N. Ibotombi Singh, J.
1. A question of law of general importance about the interpretation of Section 14(1) National Security Act, 1980, read with Section 3(5) of the Act, has been referred by the Division Bench to a larger Bench for determination, the question being 'whether on the report from the State Government under Section 3(5) National Security Act, 1980, the Central Government has the discretion coupled with duty to consider the question of revocation of detention order expeditiously, irrespective of the fact that there is no representation/petition from the detenu to the Central Government for the purpose'.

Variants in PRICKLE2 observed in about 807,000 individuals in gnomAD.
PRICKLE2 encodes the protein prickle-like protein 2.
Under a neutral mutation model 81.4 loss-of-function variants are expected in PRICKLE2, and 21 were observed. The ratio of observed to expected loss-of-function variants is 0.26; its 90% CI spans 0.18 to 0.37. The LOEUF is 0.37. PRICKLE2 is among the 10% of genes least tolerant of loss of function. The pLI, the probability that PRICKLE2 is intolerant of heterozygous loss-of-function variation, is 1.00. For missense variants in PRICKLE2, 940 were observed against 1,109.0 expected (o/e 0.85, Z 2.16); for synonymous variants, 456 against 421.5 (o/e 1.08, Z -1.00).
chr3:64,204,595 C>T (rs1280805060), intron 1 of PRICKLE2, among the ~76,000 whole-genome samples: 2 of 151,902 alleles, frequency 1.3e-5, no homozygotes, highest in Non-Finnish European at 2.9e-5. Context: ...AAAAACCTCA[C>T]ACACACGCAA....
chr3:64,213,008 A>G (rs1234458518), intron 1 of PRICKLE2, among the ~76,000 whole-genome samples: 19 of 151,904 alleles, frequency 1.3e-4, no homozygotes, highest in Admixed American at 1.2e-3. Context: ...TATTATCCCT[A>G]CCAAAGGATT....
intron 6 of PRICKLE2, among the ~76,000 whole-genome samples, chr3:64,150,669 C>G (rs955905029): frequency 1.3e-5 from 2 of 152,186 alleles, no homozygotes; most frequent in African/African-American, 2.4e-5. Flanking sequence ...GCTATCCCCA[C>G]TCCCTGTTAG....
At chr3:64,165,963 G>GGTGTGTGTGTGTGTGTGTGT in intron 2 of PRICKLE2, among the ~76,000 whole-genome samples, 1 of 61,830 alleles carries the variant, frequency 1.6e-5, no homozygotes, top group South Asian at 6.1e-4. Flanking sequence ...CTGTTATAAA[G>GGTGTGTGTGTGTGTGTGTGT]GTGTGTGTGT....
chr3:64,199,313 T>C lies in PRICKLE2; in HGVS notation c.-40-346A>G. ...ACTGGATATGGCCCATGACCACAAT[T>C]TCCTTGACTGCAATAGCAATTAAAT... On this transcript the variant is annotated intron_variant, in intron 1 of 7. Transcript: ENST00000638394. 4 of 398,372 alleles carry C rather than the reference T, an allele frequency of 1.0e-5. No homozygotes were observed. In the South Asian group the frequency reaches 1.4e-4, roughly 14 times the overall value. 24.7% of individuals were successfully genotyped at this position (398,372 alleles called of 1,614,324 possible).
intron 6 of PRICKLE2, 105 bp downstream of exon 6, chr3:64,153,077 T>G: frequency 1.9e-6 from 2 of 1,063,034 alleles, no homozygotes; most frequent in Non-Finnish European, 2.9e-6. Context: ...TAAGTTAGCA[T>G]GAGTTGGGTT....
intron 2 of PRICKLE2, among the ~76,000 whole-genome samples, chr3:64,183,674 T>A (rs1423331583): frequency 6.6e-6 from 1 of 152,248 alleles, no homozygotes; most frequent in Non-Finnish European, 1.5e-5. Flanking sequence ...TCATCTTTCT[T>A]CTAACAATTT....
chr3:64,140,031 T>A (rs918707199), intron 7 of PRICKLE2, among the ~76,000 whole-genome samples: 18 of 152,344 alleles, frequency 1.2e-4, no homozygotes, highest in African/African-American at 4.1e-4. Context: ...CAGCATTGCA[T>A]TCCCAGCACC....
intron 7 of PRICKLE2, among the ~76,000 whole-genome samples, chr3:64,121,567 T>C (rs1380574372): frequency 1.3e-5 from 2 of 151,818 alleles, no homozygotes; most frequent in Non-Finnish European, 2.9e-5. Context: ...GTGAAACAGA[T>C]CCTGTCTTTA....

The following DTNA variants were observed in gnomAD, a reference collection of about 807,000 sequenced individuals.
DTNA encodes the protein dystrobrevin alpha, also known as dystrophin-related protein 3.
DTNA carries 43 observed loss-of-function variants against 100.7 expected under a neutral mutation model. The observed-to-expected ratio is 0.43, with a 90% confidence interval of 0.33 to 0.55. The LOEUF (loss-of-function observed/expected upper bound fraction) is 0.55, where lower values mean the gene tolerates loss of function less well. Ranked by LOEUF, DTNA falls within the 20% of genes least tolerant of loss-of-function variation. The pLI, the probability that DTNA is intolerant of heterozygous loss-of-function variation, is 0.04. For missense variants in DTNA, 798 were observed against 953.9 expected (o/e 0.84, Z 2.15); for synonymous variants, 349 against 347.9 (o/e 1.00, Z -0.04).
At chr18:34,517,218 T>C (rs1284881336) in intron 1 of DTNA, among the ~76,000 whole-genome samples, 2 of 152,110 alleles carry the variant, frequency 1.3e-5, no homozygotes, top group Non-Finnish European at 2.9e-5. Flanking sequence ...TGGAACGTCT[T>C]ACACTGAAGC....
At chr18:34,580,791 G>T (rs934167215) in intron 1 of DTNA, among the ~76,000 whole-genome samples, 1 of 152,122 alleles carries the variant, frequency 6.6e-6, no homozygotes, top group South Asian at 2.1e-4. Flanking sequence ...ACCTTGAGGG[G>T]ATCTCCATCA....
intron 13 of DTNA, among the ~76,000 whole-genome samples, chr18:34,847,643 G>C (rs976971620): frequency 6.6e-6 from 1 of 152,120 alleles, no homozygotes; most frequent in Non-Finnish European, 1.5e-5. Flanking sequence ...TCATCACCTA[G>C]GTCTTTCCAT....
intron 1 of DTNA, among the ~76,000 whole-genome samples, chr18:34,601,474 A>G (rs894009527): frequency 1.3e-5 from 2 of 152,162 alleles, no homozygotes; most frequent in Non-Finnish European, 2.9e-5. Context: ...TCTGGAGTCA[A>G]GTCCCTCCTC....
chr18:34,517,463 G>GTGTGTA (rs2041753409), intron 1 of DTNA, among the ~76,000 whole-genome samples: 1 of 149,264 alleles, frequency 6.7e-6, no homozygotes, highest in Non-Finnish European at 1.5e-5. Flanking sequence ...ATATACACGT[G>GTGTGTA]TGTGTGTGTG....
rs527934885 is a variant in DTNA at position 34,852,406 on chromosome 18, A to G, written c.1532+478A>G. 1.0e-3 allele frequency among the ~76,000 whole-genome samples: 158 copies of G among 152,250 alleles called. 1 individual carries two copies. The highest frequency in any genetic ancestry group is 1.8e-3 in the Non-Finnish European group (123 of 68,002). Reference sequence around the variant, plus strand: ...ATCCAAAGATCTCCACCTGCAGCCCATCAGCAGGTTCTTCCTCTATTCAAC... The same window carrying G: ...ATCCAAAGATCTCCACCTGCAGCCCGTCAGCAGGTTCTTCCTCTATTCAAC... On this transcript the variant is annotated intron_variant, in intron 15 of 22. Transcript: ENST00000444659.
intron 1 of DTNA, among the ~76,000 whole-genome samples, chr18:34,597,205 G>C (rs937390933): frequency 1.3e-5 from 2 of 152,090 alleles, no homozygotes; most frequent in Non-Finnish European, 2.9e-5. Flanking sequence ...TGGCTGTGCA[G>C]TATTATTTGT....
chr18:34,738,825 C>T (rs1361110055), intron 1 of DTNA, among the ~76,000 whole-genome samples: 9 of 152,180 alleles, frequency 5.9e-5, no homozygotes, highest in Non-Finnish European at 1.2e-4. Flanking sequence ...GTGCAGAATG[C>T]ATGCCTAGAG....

2. In the case out of which the question above has arisen, the detenu, Sri Hitendra Nath Goswami, was detained by order dt. 5.1.83 of the State Government passed, in pursuance of Section 3(2) of the Act. The State Government reported the fact of detention to the Central Government together with the grounds on which the order has been made, within 7 days of the order of detention, in compliance with Sub-section (5) of Section 3 of the Act. The detenu, Sri Hitendra Nath Goswami, made no representation to the Central Government (Sic) received the report on 28.1.83, considered and found it prima facie valid. As a result, the order of detention has not been revoked by the Central Government in exercise of its power under Section 14(1)(b) of the Act. As such a question arose whether the discretion of the Central Government under Section 14(1) is coupled with duty to consider the report made by the State Government, in pursuance of Sub-section (5) of Section 3 of the Act with expedition, where no representation has been made by the detenu to the Central Government to exercise its power of revocation under Section 14 of the Act; and if not, its legal effect. In Joynath Sarma v. State of Assam (1983) 1 Gauhati LR 289 : 1984 Cri LJ 92, a Division Bench held that where no decision has been taken either on the report or on the representation of the detenu by the Central Government, the constitutional mandate under Article 22(5) has been violated, which renders the continued detention illegal, inasmuch as the Central Government has failed to discharge its duty enjoined under Section 14 of the Act. In Bikash Narayan Sarma v. State of Assam (1983) 1 Gauhati LR 431 : 1984 Cri LJ 81, a case which arose in another Bench of this Court, the Court found on the materials before it that the State Government sent its report to the Central Government, in compliance with Sub-section (5) of Section 3 of the Act, but the Central Government had not applied its mind to such a report. The Division Bench held the view that though it was open to the Central Government to revoke an order if it thought fit to do, a question of discretion coupled with duty mention of which has been made in Sabir Ahmed would arise only when petition/representation has been made. The Division Bench observed: 'Indeed, Sabir Ahmed has used this expression in the context of dealing with the petition/representation; otherwise it would be a case of 'complete discretion' and not reviewable by a Court of law'.